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Being the moral compass a full-time job: report

The role of general counsel in reputation protection is as much about maintaining best practice as it is about dealing with crises, according to the latest report from global law firm network Lex Mundi.

user iconTom Lodewyke 21 March 2017 Corporate Counsel
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Last week Lex Mundi published its report, The Role of the General Counsel in Protecting Enterprise Reputation: Navigating the Company to its North Star. The report analysed the insights from Lex Mundi’s 2016 Summit in Amsterdam, where in-house lawyers and law firm participants discussed the role of the general counsel in building and protecting the reputation of a company.

The report emphasised that reputational damage does not just occur in times of crisis, but through a company’s day-to-day practices and entrenched behaviours.

Basic ‘reputational negligence’, i.e. failure to consider how day-to-day business activities might measure against changing societal expectations, can be just as problematic as a high-profile cyber breach, the report said.


A key danger here is engaging in lawful practices that may be viewed as dishonest or unethical by the public later on.

“Even large corporations, in light of the Panama Papers revelations, are struggling with the fact that offshore tax structures are perfectly legal but viewed with increasing suspicion and distrust by the public, media and certain governments,” the report said by way of example.

In this challenging landscape, there are three broad ways in which general counsel chart the direction of their companies. The report identified that the general counsel must anticipate and call attention to potential risks, influence and manage colleagues and stakeholders, and prepare for how crises will be managed.

This requires general counsel to shift their focus from the technical and legal aspects of the company to the wider political and business aspects, and to be more proactive and integrated in the running of the business. Participants in the summit suggested conducting site visits and meetings with operational staff, as well as setting up a “risk radar” to monitor areas of the business most vulnerable to reputational damage.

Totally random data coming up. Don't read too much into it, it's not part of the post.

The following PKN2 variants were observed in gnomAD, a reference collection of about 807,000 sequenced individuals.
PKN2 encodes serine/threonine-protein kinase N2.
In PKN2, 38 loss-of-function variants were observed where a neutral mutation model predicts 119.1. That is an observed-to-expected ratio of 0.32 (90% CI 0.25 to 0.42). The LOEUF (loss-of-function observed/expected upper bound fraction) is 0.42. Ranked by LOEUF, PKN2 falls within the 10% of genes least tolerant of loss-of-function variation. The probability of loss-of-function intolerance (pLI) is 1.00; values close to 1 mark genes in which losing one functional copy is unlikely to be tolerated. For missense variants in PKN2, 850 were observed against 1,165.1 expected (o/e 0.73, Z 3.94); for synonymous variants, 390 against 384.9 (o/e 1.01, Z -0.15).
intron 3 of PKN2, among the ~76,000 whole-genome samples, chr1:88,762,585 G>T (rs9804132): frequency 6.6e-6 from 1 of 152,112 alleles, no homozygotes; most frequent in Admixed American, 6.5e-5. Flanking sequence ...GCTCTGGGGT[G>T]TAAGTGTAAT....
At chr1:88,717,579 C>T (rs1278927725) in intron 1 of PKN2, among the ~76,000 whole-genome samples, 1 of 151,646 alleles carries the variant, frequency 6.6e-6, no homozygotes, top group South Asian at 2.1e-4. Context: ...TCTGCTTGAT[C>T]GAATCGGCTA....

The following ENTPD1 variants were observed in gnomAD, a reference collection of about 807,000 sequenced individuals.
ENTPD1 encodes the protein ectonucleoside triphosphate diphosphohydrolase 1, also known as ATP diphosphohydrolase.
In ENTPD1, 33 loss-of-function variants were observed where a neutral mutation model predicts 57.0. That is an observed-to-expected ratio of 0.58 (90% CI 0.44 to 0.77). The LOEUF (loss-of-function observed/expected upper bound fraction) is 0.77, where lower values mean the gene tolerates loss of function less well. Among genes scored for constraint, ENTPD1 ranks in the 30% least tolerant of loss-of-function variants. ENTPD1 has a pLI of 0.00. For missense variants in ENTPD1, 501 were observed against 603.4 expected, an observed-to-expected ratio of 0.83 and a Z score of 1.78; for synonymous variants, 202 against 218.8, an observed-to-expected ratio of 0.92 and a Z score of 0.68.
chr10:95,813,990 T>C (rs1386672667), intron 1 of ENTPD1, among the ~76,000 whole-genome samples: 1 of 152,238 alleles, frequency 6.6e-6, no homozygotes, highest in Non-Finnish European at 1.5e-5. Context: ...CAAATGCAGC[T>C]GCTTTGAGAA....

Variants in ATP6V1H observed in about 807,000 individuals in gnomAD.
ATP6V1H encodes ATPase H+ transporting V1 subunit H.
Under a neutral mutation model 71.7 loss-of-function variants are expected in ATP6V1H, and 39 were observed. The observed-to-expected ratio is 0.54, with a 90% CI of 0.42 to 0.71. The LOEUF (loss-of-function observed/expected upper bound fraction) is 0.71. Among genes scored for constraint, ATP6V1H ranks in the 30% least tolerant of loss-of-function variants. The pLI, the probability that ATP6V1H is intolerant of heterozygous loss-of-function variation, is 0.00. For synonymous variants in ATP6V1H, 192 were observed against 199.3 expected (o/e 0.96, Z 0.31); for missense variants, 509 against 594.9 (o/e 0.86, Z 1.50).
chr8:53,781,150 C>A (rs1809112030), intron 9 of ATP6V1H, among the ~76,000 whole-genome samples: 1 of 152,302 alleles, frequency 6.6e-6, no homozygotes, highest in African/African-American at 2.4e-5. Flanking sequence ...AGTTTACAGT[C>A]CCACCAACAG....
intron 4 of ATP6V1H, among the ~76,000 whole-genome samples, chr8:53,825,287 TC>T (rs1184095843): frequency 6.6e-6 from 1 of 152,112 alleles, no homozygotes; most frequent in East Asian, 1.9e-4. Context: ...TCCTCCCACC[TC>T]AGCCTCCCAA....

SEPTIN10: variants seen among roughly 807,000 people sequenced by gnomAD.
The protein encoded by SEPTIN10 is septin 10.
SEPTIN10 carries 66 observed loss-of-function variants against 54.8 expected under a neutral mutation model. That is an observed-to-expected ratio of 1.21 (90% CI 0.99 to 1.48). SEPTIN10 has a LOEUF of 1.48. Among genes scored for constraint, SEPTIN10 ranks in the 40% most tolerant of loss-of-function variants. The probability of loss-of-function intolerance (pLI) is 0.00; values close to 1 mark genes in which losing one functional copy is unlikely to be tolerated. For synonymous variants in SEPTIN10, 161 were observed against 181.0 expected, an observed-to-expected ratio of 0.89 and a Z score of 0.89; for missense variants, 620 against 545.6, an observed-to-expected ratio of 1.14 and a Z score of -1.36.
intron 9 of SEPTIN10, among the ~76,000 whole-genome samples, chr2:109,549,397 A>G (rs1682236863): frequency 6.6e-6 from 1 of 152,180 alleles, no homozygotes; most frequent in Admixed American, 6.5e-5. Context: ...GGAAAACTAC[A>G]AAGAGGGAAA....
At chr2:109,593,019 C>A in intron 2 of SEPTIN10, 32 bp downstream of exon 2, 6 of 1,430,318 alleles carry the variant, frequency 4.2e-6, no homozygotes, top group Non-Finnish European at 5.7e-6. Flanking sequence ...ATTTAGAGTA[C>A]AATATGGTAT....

There are three traits that the report has identified as critical for the general counsel to be able to drive change and challenge common practices throughout the company: independence and objectivity on issues, deep insight into the company’s practices and policies, and authority and influence with business leaders.

“One way general counsel can influence behaviour at an early stage is to preempt the creation of false external expectations arising from bold, overreaching management proclamations that cannot be matched by commitments,” the report said.

Being the voice of reason within the company demands that general counsel work closely with the other leaders of the business, as well as drive sound practices from the top down.

The report concluded that the role of today’s general counsel in reputation protection is helping the company navigate to its ‘North Star’ – i.e. sound moral and ethical standards that are in the long-term interest of the business – even when there is no crisis.

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